Nelson Cruz, Josh Hamilton, Michael Young

Rangers, Rockies on pace for historic finishes

15 Comments

With two teams already there and the rest set to hit the halfway point of the season within the next few days, I wanted to look at what kind of pace each team was on. Below are the number of wins each team would finish with given its current pace, plus how that would stack up against the team’s history. As things stand now, there’s one team on pace for its most wins ever and another on pace for its fewest.

AL East
Yankees – 100 – most since 2009
Orioles – 87 – most since 1997
Red Sox – 86  – fewest since 2001
Rays – 84 – fewest since 2009
Blue Jays – 82 – most since 2010

AL Central
White Sox – 86 – most since 2010
Indians – 83 – most since 2007
Tigers – 80 – fewest since 2008
Royals – 74 – most since 2008
Twins – 69 – most since 2010

AL West
Rangers – 101 – most ever
Angels – 90 – most since 2009
Athletics – 77 – most since 2010
Mariners – 68 – most since 2009

NL East
Nationals – 95 – most since 1979*
Mets – 87 – most since 2008
Braves – 85 – fewest since 2008
Marlins – 79 – most since 2010
Phillies – 72 – fewest since 2000

NL Central
Reds – 89 – most since 2010
Pirates – 87 – most since 1992
Cardinals – 84 – fewest since 2007
Brewers – 75 – fewest since 2006
Astros – 66 – most since 2010
Cubs – 60 – fewest since 1981**

NL West
Giants – 91 – most since 2010
Dodgers – 89 – most since 2009
Diamondbacks – 81 – fewest since 2010
Rockies – 62 – fewest ever
Padres – 61 fewest since 1993

*The Expos were 74-40 and on pace to win 105 games when the strike ended the 1994 season.

**The 1981 Cubs went 38-65 in that strike-shortened season, which also works out to 60-win pace. Their last full season under 60 wins was 1966, when they went 59-103.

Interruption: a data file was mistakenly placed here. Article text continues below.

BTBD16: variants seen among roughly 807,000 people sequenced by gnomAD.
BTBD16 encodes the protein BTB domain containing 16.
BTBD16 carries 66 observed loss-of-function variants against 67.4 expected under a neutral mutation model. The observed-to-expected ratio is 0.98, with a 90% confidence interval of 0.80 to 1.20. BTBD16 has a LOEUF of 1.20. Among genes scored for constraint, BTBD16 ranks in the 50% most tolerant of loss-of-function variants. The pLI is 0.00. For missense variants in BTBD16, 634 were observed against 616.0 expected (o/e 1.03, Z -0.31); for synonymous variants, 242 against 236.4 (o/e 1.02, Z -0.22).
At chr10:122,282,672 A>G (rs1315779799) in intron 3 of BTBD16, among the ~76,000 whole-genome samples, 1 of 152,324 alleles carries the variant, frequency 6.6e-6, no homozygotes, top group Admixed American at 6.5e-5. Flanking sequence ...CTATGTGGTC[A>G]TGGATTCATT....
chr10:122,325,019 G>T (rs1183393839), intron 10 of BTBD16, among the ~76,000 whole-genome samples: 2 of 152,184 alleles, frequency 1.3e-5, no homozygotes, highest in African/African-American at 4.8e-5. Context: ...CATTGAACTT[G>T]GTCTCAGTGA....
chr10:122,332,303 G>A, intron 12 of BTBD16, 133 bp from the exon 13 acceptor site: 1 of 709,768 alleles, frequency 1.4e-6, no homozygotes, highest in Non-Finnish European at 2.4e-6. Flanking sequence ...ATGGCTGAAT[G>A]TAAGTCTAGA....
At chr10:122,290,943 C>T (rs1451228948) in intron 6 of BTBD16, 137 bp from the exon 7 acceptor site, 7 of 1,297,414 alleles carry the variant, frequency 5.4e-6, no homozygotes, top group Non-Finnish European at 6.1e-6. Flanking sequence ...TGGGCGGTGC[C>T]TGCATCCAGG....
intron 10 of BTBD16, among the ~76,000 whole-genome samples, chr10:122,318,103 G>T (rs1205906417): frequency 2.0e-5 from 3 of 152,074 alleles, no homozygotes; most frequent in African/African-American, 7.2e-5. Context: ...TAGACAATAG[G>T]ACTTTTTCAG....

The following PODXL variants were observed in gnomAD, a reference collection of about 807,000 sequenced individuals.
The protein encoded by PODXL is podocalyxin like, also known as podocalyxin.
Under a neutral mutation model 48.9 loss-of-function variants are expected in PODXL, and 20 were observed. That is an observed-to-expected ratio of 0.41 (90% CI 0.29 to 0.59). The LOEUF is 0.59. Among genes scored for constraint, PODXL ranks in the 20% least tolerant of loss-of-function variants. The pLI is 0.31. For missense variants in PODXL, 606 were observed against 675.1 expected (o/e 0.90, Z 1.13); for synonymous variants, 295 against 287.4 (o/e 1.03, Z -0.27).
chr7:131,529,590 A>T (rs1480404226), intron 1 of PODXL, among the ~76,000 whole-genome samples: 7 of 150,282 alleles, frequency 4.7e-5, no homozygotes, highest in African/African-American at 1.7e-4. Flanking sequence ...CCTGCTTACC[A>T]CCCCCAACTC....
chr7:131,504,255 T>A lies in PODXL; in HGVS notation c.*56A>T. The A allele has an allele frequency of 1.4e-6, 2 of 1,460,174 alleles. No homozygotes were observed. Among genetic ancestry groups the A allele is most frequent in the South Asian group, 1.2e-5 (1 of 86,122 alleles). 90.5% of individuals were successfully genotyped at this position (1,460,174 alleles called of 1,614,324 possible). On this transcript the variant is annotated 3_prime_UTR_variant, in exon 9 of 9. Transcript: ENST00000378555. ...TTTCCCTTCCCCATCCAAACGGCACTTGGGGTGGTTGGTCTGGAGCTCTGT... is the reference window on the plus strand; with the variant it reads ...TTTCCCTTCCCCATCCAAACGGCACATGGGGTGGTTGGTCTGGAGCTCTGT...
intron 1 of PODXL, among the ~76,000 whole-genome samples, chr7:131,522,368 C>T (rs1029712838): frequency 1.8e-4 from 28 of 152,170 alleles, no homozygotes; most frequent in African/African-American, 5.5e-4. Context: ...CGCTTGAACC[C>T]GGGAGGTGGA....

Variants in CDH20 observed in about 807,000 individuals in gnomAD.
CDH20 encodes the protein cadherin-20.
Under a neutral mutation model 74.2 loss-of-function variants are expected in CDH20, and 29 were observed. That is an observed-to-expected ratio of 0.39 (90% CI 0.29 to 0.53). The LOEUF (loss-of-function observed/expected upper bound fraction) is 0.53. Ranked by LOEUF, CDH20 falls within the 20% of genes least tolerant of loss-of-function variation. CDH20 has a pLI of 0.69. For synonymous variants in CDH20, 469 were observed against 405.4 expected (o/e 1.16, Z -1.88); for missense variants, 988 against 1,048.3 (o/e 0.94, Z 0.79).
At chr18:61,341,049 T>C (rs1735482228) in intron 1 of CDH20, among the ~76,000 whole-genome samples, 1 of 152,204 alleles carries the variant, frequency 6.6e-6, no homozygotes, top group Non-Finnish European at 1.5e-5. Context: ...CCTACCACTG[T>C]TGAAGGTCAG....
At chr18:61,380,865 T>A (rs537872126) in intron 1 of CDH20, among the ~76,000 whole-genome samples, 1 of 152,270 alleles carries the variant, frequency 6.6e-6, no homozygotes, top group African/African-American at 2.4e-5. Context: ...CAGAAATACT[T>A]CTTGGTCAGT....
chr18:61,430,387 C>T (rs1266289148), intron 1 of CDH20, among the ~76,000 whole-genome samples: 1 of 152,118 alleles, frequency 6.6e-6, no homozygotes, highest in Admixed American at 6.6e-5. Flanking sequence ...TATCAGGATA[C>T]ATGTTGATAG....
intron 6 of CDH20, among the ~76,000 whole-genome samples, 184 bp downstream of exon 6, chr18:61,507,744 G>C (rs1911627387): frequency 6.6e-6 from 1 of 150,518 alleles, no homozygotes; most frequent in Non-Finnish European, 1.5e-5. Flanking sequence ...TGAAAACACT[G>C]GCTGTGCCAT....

If the Rangers keep at it, they’ll set a franchise high for victories for the second straight year, topping last year’s total of 96. Before that, their high was 95 win sin 1999.

The Rockies are on pace for their fewest wins, excluding the 1994 strike season (they were on pace for 73 wins that year). Their low total is 67 wins, from both their inaugural season in 1993 and from 2005.

The Yankees and Rangers are both on pace for 100 wins. Only one team, the Phillies, got there last year. No team did in 2010. If the Yankees can do it, it’d be their sixth 100-win season since 1998.

And then there’s the Pirates, on pace for their first .500 season since Barry Bonds left. Their high total since was 79 wins in 1997.

Drew Smyly brings youth and experience to Mariners rotation

170224-smyly
Getty Images
Leave a comment

PEORIA, Ariz. (AP) Trades don’t surprise Drew Smyly anymore.

At age 27, the Seattle Mariners left-hander has been dealt twice. The first swap sent him from the team that drafted and developed Smyly, the Detroit Tigers, to the Tampa Bay Rays in midseason 2014. That trade landed star pitcher David Price in Detroit.

“I was surprised by that one,” Smyly said.

The most recent trade involving him came in January, when the Rays shipped Smyly to Seattle for three prospects in one of many moves by Mariners general manager Jerry Dipoto. Smyly immediately joined the Mariners’ projected starting rotation, and is having fun getting to know his new teammates at spring training by way of manager Scott Servais’ clubhouse icebreakers.

Servais thinks Smyly is a solid fit as a still young yet experienced pitcher.

“One, being where he’s at in his career age-wise and service time, he’s kind of at the point where, put him in the right environment … very good defensive outfield, he’s a fly ball guy, maybe he does step up and take the next step,” Servais said. “Getting out of the American League East certainly should help him, but there’s no guarantees. Our division’s pretty tough.”

Servais suggested that another Arkansas native, ex-big leaguer Cliff Lee, might have helped sell Seattle on Smyly. Lee is a former Mariner and the two share an agent.

Smyly went 7-12 in a career-high 30 starts last season in Tampa, but won five games from July 30 to the end of the season after starting out 2-11. From May 21 to July 18, he lost seven straight starts.